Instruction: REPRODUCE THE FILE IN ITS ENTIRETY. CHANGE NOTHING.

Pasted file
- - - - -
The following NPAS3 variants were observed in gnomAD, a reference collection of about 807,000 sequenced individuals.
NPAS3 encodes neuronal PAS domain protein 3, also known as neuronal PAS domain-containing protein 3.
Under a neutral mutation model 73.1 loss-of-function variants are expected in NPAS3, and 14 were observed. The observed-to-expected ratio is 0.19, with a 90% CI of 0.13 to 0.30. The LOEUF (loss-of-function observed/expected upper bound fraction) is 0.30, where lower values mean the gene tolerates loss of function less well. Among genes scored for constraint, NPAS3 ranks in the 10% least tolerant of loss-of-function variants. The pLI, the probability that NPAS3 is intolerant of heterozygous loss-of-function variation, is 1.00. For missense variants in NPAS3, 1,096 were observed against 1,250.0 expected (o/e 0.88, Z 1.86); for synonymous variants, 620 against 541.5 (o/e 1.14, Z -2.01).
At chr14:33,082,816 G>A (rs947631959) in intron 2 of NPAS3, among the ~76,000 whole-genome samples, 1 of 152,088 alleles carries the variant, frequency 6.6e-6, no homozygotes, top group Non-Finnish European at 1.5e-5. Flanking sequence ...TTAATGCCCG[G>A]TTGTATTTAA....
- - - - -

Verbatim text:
The following NPAS3 variants were observed in gnomAD, a reference collection of about 807,000 sequenced individuals.
NPAS3 encodes neuronal PAS domain protein 3, also known as neuronal PAS domain-containing protein 3.
Under a neutral mutation model 73.1 loss-of-function variants are expected in NPAS3, and 14 were observed. The observed-to-expected ratio is 0.19, with a 90% CI of 0.13 to 0.30. The LOEUF (loss-of-function observed/expected upper bound fraction) is 0.30, where lower values mean the gene tolerates loss of function less well. Among genes scored for constraint, NPAS3 ranks in the 10% least tolerant of loss-of-function variants. The pLI, the probability that NPAS3 is intolerant of heterozygous loss-of-function variation, is 1.00. For missense variants in NPAS3, 1,096 were observed against 1,250.0 expected (o/e 0.88, Z 1.86); for synonymous variants, 620 against 541.5 (o/e 1.14, Z -2.01).
At chr14:33,082,816 G>A (rs947631959) in intron 2 of NPAS3, among the ~76,000 whole-genome samples, 1 of 152,088 alleles carries the variant, frequency 6.6e-6, no homozygotes, top group Non-Finnish European at 1.5e-5. Flanking sequence ...TTAATGCCCG[G>A]TTGTATTTAA....